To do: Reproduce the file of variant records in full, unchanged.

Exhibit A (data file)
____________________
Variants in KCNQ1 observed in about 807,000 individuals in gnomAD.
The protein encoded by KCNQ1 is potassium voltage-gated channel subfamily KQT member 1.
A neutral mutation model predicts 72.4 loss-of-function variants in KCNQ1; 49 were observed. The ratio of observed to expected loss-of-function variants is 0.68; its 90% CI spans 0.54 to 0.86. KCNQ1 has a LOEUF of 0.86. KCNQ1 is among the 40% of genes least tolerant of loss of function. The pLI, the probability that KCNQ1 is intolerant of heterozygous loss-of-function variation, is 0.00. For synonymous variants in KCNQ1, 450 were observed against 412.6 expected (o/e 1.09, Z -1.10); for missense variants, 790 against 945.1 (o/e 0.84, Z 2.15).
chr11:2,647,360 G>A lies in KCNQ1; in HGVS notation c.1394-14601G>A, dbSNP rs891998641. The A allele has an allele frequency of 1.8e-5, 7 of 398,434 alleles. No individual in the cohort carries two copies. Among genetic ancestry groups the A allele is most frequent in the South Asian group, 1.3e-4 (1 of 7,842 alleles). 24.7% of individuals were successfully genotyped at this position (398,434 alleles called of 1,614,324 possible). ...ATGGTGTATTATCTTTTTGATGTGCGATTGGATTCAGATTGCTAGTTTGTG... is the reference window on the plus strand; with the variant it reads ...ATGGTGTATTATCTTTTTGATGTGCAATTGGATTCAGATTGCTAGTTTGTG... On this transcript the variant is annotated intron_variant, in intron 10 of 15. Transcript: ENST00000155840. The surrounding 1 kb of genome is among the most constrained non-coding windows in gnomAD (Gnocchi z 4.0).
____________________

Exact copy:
Variants in KCNQ1 observed in about 807,000 individuals in gnomAD.
The protein encoded by KCNQ1 is potassium voltage-gated channel subfamily KQT member 1.
A neutral mutation model predicts 72.4 loss-of-function variants in KCNQ1; 49 were observed. The ratio of observed to expected loss-of-function variants is 0.68; its 90% CI spans 0.54 to 0.86. KCNQ1 has a LOEUF of 0.86. KCNQ1 is among the 40% of genes least tolerant of loss of function. The pLI, the probability that KCNQ1 is intolerant of heterozygous loss-of-function variation, is 0.00. For synonymous variants in KCNQ1, 450 were observed against 412.6 expected (o/e 1.09, Z -1.10); for missense variants, 790 against 945.1 (o/e 0.84, Z 2.15).
chr11:2,647,360 G>A lies in KCNQ1; in HGVS notation c.1394-14601G>A, dbSNP rs891998641. The A allele has an allele frequency of 1.8e-5, 7 of 398,434 alleles. No individual in the cohort carries two copies. Among genetic ancestry groups the A allele is most frequent in the South Asian group, 1.3e-4 (1 of 7,842 alleles). 24.7% of individuals were successfully genotyped at this position (398,434 alleles called of 1,614,324 possible). ...ATGGTGTATTATCTTTTTGATGTGCGATTGGATTCAGATTGCTAGTTTGTG... is the reference window on the plus strand; with the variant it reads ...ATGGTGTATTATCTTTTTGATGTGCAATTGGATTCAGATTGCTAGTTTGTG... On this transcript the variant is annotated intron_variant, in intron 10 of 15. Transcript: ENST00000155840. The surrounding 1 kb of genome is among the most constrained non-coding windows in gnomAD (Gnocchi z 4.0).